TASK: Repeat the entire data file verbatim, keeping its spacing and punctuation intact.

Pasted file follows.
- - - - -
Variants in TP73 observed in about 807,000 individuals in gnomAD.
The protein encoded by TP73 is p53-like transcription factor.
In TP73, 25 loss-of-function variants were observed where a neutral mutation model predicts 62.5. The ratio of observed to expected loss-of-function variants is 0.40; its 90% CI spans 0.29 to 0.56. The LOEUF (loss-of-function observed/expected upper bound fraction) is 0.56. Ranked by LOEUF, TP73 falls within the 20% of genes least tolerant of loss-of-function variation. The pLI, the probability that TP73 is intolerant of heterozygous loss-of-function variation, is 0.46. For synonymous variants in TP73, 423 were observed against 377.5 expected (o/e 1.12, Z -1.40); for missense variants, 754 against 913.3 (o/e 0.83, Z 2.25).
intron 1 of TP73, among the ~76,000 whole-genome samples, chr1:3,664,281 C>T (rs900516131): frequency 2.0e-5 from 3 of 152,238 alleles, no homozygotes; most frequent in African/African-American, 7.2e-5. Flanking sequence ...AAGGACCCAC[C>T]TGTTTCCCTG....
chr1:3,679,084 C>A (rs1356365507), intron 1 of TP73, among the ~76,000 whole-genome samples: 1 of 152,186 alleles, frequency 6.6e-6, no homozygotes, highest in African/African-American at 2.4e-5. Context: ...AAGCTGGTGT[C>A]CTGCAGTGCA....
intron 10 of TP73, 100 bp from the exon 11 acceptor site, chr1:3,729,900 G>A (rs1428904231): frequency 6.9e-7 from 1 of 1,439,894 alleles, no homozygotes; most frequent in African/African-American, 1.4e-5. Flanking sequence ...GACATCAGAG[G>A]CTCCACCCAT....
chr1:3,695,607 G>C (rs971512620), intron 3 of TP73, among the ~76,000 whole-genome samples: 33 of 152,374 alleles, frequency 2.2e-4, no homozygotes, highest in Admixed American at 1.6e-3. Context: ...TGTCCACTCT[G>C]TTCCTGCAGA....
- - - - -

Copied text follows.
Variants in TP73 observed in about 807,000 individuals in gnomAD.
The protein encoded by TP73 is p53-like transcription factor.
In TP73, 25 loss-of-function variants were observed where a neutral mutation model predicts 62.5. The ratio of observed to expected loss-of-function variants is 0.40; its 90% CI spans 0.29 to 0.56. The LOEUF (loss-of-function observed/expected upper bound fraction) is 0.56. Ranked by LOEUF, TP73 falls within the 20% of genes least tolerant of loss-of-function variation. The pLI, the probability that TP73 is intolerant of heterozygous loss-of-function variation, is 0.46. For synonymous variants in TP73, 423 were observed against 377.5 expected (o/e 1.12, Z -1.40); for missense variants, 754 against 913.3 (o/e 0.83, Z 2.25).
intron 1 of TP73, among the ~76,000 whole-genome samples, chr1:3,664,281 C>T (rs900516131): frequency 2.0e-5 from 3 of 152,238 alleles, no homozygotes; most frequent in African/African-American, 7.2e-5. Flanking sequence ...AAGGACCCAC[C>T]TGTTTCCCTG....
chr1:3,679,084 C>A (rs1356365507), intron 1 of TP73, among the ~76,000 whole-genome samples: 1 of 152,186 alleles, frequency 6.6e-6, no homozygotes, highest in African/African-American at 2.4e-5. Context: ...AAGCTGGTGT[C>A]CTGCAGTGCA....
intron 10 of TP73, 100 bp from the exon 11 acceptor site, chr1:3,729,900 G>A (rs1428904231): frequency 6.9e-7 from 1 of 1,439,894 alleles, no homozygotes; most frequent in African/African-American, 1.4e-5. Flanking sequence ...GACATCAGAG[G>A]CTCCACCCAT....
chr1:3,695,607 G>C (rs971512620), intron 3 of TP73, among the ~76,000 whole-genome samples: 33 of 152,374 alleles, frequency 2.2e-4, no homozygotes, highest in Admixed American at 1.6e-3. Context: ...TGTCCACTCT[G>C]TTCCTGCAGA....